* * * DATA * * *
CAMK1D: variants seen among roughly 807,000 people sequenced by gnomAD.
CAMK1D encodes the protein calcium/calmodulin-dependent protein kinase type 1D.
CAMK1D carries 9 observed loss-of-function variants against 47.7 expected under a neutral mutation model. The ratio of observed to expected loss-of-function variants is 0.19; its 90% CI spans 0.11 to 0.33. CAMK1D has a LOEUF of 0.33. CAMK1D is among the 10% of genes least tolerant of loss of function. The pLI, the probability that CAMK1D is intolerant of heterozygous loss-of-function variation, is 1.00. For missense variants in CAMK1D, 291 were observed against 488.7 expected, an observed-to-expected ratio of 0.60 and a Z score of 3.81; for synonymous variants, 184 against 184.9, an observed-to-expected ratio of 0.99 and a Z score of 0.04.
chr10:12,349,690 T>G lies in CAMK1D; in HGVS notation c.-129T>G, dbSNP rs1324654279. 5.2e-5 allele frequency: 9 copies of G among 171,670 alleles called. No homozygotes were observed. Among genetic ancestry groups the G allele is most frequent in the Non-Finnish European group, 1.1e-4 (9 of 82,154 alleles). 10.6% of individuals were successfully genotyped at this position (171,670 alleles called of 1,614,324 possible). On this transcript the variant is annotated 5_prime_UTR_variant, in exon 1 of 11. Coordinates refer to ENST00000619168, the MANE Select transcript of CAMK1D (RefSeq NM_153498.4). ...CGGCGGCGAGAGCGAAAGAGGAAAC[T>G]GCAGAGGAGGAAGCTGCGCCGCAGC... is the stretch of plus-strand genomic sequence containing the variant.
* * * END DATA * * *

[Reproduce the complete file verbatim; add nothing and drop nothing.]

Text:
CAMK1D: variants seen among roughly 807,000 people sequenced by gnomAD.
CAMK1D encodes the protein calcium/calmodulin-dependent protein kinase type 1D.
CAMK1D carries 9 observed loss-of-function variants against 47.7 expected under a neutral mutation model. The ratio of observed to expected loss-of-function variants is 0.19; its 90% CI spans 0.11 to 0.33. CAMK1D has a LOEUF of 0.33. CAMK1D is among the 10% of genes least tolerant of loss of function. The pLI, the probability that CAMK1D is intolerant of heterozygous loss-of-function variation, is 1.00. For missense variants in CAMK1D, 291 were observed against 488.7 expected, an observed-to-expected ratio of 0.60 and a Z score of 3.81; for synonymous variants, 184 against 184.9, an observed-to-expected ratio of 0.99 and a Z score of 0.04.
chr10:12,349,690 T>G lies in CAMK1D; in HGVS notation c.-129T>G, dbSNP rs1324654279. 5.2e-5 allele frequency: 9 copies of G among 171,670 alleles called. No homozygotes were observed. Among genetic ancestry groups the G allele is most frequent in the Non-Finnish European group, 1.1e-4 (9 of 82,154 alleles). 10.6% of individuals were successfully genotyped at this position (171,670 alleles called of 1,614,324 possible). On this transcript the variant is annotated 5_prime_UTR_variant, in exon 1 of 11. Coordinates refer to ENST00000619168, the MANE Select transcript of CAMK1D (RefSeq NM_153498.4). ...CGGCGGCGAGAGCGAAAGAGGAAAC[T>G]GCAGAGGAGGAAGCTGCGCCGCAGC... is the stretch of plus-strand genomic sequence containing the variant.